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You're Dismissed

Face it--part of your job is relieving others of theirs. So how do you do it right?

Firing an employee is a messy business. Just the thought of having to recruit, train and manage a new sales soul is enough to keep some sales managers from following through with the task. But holding on to a salesperson who's not performing or who's disruptive to the team is guaranteed to exacerbate matters down the road.

But how do you know when it's time to say "you've gotta go"? It's simple, according to Tricia Tamkin: "Lack of production, lack of production, lack of production," says the president of Padigent, a Carol Stream, Illinois, human resources consulting firm for emerging companies.

Dave Anderson, president of Dave Anderson's Learn to Lead, concurs that performance is one criterion for firing. Anderson, whose Los Altos, California, company offers sales, management and leadership consulting, thinks reps who are "dishonest, selfish or disrespectful" should face the axe.

You may fear firing a rep will cause a morale dip in the troops. After all, someone's buddy is getting shown the door. But making a tough choice can bolster the spirits of your sales squad. Says Tamkin: "Firing can positively affect morale [because] it sends a message that the company will take strong measures to ensure the success of the organization. Poor performers lower the morale of the team, and they continually break momentum and diminish the credibility of the sales manager."

Before firing, however, steps must be taken to legally protect your business. It's crucial that the employee has been warned in advance in writing. Coaching sessions with failing salespeople will help protect you when it comes time to separate. Tamkin advises that documentation must be developed in advance of the firing, and that when it comes time for the employee to go, the manager should conduct an exit interview.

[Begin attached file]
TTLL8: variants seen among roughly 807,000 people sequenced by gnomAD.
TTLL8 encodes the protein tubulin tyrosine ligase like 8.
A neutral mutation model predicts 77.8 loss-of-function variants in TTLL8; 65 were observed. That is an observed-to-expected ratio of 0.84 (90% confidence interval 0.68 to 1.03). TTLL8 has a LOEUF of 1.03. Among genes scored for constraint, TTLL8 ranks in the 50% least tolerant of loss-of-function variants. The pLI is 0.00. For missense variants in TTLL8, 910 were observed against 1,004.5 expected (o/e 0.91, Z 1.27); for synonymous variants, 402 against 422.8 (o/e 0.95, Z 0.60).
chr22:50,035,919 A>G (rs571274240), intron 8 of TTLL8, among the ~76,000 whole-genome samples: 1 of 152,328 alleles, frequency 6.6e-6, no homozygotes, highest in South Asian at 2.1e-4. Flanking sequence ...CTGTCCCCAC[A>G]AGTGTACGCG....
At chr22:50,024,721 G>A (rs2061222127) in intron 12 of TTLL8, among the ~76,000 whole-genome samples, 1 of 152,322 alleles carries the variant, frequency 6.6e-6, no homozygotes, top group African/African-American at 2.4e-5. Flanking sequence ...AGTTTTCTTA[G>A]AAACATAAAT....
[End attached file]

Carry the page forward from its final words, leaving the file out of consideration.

Though firing will never be a savory part of a manager's job description, it's short-term pain for long-term gain. "Managers have to realize that when they keep the wrong person," Anderson says, "there's more damage to the company than just lack of production."

Here are some firing guidelines from William Skip Miller's ProActive Sales Management (AMACOM):

1. Never in your office: If it's your office, you can't leave if the employee wants to stay and talk.

2. Short and sweet: As you walk in the door, say, "The reason I'm here is to tell you this is your last day of employment with this company." Just get it out.

3. Never on a Friday: If fired on a Friday, the employee can't start the process of feeling good. All he or she can do is stew about it over the weekend.

4. Outside help: If the employee says he or she has consulted an attorney or other legal counsel, stop the conversation immediately and consult your HR department or attorney, whoever helped you craft your company policy.

5. No hanging around: Personal effects can be retrieved, but have the person leave the building.


Kimberly L. McCall is president of McCall Media & Marketing Inc. (www.marketingangel.com), a business communications company in Durham, Maine.

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This article was originally published in the March 2003 print edition of Entrepreneur with the headline: You're Dismissed.

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